South Korea plans to lift its decades-long ban on public access to North Korean television, newspapers and other media as part of its efforts to promote mutual understanding between the rivals, officials said Friday, despite animosities over the North's recent missile tests.
Divided along the world's most heavily fortified border since 1948, the two Koreas prohibit their citizens from visiting each other's territory and exchanging phone calls, emails and letters, and they block access to each other's websites and TV stations.
In a policy report to new President Yoon Suk Yeol on Friday, South Korea's Unification Ministry said it will gradually open the door for North Korean broadcasts, media and publications to try to boost mutual understanding, restore the Korean national identity and prepare for a future unification.
Ministry officials said South Korea will start by allowing access to North Korean broadcasts to try to encourage North Korea to take similar steps. The ministry refused to provide further details, saying the plans are still being discussed with relevant authorities in South Korea.
Jeon Young-sun, a research professor at Seoul's Konkuk University, said North Korea is unlikely to reciprocate because the flow of South Korean cultural and media content would pose "a really huge threat to" its authoritarian leadership.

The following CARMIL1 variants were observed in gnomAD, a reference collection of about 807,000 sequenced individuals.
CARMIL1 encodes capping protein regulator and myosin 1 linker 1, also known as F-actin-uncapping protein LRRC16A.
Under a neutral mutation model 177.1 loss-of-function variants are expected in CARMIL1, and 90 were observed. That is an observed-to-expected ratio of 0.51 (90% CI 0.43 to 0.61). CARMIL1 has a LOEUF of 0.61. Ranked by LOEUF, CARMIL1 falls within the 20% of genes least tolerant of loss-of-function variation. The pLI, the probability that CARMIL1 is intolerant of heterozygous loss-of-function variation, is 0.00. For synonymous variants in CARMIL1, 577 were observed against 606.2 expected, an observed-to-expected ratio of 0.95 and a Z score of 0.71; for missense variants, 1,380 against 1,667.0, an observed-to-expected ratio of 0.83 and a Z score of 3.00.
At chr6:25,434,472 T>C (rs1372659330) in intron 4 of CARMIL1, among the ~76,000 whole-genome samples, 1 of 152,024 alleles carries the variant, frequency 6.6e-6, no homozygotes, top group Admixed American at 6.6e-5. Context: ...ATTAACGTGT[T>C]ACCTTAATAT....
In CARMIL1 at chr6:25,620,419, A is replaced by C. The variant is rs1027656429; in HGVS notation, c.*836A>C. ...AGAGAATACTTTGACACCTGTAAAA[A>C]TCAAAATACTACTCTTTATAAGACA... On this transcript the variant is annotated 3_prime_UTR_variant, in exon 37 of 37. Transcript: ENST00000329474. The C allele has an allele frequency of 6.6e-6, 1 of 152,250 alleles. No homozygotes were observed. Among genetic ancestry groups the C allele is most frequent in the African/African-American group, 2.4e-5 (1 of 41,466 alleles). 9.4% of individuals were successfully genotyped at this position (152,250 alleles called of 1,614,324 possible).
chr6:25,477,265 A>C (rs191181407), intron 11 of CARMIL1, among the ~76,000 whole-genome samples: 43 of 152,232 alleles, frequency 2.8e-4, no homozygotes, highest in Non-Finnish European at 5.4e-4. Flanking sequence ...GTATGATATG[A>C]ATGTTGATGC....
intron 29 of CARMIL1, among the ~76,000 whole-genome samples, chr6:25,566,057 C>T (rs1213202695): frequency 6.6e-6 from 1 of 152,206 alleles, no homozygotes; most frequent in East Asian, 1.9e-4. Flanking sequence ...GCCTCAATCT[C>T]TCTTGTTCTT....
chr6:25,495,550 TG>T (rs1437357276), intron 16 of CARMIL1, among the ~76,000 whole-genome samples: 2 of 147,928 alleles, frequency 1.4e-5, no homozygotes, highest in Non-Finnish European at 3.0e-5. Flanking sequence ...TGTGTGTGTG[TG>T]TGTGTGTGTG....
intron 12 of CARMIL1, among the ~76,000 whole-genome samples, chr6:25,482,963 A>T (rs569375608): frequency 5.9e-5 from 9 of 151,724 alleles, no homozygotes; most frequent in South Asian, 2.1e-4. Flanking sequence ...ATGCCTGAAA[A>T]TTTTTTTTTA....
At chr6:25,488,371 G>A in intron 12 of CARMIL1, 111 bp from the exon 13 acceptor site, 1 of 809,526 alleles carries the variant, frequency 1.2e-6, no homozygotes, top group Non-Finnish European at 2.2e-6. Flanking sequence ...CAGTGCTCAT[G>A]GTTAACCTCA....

Ruled by three generations of the Kim family since its 1948 foundation, North Korea strictly restricts its citizens' access to outside information, though many defectors have said they watched smuggled South Korean TV programs while living in the North.
In 2014, North Korean troops opened fire when South Korean activists launched balloons carrying USB sticks containing information about the outside world and leaflets critical of the Kim family toward North Korean territory.
Relations between the two Koreas remain strained over North Korea's torrid run of missile tests this year. Yoon, a conservative, has said he would take a tougher stance on North Korean provocations, though he said he has "an audacious plan" to improve the North's economy if it abandons its nuclear weapons.
Despite the North's likely reluctance to reciprocate, Jeon said South Korea needs to ease its ban on North Korean media because the restrictions have led to dependence on foreigners and other governments to gather North Korea-related information. Jeon said that has increased the danger of acquiring distorted information on North Korea.
It wasn't clear how anti-North Korea activists in the South would react to the government's move. Jeon said there was little chance the move would promote pro-North Korean sentiments.
South Korea, the world's 10th largest economy, is a global cultural powerhouse. Its nominal gross domestic product in 2019 was 54 times bigger than that of North Korea, according to South Korean estimates.
Some observers say the ban must be lifted in a step-by-step process with discussions on what North Korean contents would be allowed first and how the access should be given to the South Korean public.
While it's officially illegal to watch or read North Korean media in South Korea, authorities rarely crack down on experts, journalists and others using VPNs or proxy servers to access North Korean websites. A large number of North Korean movies, songs and other contents are also available on YouTube, which is accessible in South Korea.